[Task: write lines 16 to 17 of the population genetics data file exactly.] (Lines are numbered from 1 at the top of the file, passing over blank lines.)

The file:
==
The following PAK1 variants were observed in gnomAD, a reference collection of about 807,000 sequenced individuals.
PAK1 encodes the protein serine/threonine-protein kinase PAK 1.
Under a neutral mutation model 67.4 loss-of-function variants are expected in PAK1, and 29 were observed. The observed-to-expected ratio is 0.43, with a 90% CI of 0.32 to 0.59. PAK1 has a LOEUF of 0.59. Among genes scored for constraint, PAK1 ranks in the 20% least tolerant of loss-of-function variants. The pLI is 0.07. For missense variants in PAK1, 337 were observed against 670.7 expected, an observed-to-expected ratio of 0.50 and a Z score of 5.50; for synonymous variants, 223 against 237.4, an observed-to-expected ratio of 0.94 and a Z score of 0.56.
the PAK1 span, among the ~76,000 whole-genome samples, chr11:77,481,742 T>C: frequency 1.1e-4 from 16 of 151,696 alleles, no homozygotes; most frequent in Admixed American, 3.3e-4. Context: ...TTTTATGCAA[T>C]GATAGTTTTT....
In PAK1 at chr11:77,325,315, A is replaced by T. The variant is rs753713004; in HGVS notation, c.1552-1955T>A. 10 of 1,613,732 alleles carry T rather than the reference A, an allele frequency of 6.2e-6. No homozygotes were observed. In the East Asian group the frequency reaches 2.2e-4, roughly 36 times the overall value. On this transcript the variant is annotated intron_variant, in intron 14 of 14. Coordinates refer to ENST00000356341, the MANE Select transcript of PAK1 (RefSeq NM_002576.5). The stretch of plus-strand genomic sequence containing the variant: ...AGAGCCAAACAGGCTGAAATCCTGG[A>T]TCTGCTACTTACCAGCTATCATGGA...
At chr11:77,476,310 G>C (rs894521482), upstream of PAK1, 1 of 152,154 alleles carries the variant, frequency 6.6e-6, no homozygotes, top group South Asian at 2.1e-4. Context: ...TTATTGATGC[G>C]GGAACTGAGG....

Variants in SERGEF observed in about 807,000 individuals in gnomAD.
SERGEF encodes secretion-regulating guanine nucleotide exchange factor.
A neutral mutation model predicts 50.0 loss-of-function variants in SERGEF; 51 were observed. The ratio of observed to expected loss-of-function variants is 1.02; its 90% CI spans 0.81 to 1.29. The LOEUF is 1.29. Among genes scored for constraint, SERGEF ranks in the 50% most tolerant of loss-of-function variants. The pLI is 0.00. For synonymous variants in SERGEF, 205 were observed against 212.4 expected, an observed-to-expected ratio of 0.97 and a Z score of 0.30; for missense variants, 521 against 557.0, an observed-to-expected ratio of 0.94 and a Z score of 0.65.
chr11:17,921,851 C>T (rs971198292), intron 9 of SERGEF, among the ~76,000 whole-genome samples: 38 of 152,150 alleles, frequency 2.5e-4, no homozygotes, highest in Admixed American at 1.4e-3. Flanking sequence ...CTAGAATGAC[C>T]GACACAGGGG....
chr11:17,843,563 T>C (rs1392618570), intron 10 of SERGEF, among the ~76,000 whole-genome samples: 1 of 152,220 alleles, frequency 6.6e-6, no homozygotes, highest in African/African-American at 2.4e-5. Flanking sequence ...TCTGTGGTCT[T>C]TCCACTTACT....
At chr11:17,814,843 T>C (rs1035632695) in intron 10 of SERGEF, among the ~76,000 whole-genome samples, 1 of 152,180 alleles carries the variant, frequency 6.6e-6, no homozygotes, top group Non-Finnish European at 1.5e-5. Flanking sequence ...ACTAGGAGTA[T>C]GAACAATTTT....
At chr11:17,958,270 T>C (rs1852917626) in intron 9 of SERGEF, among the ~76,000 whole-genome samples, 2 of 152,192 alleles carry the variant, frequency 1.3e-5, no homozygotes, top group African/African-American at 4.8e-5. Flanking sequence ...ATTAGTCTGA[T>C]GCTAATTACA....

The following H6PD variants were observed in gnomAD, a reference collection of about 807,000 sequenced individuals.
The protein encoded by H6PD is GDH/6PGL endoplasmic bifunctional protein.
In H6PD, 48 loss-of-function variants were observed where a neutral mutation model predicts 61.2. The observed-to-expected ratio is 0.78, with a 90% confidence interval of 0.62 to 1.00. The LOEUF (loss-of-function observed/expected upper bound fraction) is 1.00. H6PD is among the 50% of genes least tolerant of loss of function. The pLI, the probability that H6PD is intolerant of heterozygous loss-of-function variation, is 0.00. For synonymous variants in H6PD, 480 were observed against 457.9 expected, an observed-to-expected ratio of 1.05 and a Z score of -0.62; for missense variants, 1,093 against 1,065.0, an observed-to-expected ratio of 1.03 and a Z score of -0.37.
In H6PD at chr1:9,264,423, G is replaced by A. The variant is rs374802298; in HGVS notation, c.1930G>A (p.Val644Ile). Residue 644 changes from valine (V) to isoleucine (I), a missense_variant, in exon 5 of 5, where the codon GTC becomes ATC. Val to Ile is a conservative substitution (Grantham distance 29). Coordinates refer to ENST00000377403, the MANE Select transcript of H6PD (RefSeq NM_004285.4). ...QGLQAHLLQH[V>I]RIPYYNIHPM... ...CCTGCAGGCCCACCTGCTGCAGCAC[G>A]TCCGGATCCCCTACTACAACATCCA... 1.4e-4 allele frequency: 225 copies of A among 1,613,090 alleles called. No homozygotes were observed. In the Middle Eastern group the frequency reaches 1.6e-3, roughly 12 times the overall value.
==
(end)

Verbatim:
In H6PD, 48 loss-of-function variants were observed where a neutral mutation model predicts 61.2. The observed-to-expected ratio is 0.78, with a 90% confidence interval of 0.62 to 1.00. The LOEUF (loss-of-function observed/expected upper bound fraction) is 1.00. H6PD is among the 50% of genes least tolerant of loss of function. The pLI, the probability that H6PD is intolerant of heterozygous loss-of-function variation, is 0.00. For synonymous variants in H6PD, 480 were observed against 457.9 expected, an observed-to-expected ratio of 1.05 and a Z score of -0.62; for missense variants, 1,093 against 1,065.0, an observed-to-expected ratio of 1.03 and a Z score of -0.37.
In H6PD at chr1:9,264,423, G is replaced by A. The variant is rs374802298; in HGVS notation, c.1930G>A (p.Val644Ile). Residue 644 changes from valine (V) to isoleucine (I), a missense_variant, in exon 5 of 5, where the codon GTC becomes ATC. Val to Ile is a conservative substitution (Grantham distance 29). Coordinates refer to ENST00000377403, the MANE Select transcript of H6PD (RefSeq NM_004285.4). ...QGLQAHLLQH[V>I]RIPYYNIHPM... ...CCTGCAGGCCCACCTGCTGCAGCAC[G>A]TCCGGATCCCCTACTACAACATCCA... 1.4e-4 allele frequency: 225 copies of A among 1,613,090 alleles called. No homozygotes were observed. In the Middle Eastern group the frequency reaches 1.6e-3, roughly 12 times the overall value.